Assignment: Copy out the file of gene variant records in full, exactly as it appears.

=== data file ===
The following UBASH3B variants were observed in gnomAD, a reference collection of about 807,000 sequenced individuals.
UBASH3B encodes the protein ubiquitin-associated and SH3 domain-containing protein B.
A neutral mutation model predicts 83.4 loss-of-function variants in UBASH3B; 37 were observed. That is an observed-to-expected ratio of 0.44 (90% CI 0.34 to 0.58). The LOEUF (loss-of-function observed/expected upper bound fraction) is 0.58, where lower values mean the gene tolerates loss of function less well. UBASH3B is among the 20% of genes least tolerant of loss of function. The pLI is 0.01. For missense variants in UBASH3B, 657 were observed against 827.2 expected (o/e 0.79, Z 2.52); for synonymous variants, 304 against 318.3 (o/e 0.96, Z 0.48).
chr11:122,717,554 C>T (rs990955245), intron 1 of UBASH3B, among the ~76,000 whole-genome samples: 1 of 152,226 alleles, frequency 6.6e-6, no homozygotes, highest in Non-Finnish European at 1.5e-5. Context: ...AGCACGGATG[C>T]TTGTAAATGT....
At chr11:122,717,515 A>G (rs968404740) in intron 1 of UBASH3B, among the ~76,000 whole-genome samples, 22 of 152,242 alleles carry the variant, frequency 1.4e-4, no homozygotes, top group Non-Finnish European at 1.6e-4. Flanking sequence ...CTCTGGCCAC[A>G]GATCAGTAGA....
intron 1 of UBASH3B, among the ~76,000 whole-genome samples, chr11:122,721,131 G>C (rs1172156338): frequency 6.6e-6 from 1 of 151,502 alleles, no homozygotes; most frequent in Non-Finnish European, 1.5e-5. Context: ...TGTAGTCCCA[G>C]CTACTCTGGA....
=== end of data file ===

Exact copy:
The following UBASH3B variants were observed in gnomAD, a reference collection of about 807,000 sequenced individuals.
UBASH3B encodes the protein ubiquitin-associated and SH3 domain-containing protein B.
A neutral mutation model predicts 83.4 loss-of-function variants in UBASH3B; 37 were observed. That is an observed-to-expected ratio of 0.44 (90% CI 0.34 to 0.58). The LOEUF (loss-of-function observed/expected upper bound fraction) is 0.58, where lower values mean the gene tolerates loss of function less well. UBASH3B is among the 20% of genes least tolerant of loss of function. The pLI is 0.01. For missense variants in UBASH3B, 657 were observed against 827.2 expected (o/e 0.79, Z 2.52); for synonymous variants, 304 against 318.3 (o/e 0.96, Z 0.48).
chr11:122,717,554 C>T (rs990955245), intron 1 of UBASH3B, among the ~76,000 whole-genome samples: 1 of 152,226 alleles, frequency 6.6e-6, no homozygotes, highest in Non-Finnish European at 1.5e-5. Context: ...AGCACGGATG[C>T]TTGTAAATGT....
At chr11:122,717,515 A>G (rs968404740) in intron 1 of UBASH3B, among the ~76,000 whole-genome samples, 22 of 152,242 alleles carry the variant, frequency 1.4e-4, no homozygotes, top group Non-Finnish European at 1.6e-4. Flanking sequence ...CTCTGGCCAC[A>G]GATCAGTAGA....
intron 1 of UBASH3B, among the ~76,000 whole-genome samples, chr11:122,721,131 G>C (rs1172156338): frequency 6.6e-6 from 1 of 151,502 alleles, no homozygotes; most frequent in Non-Finnish European, 1.5e-5. Context: ...TGTAGTCCCA[G>C]CTACTCTGGA....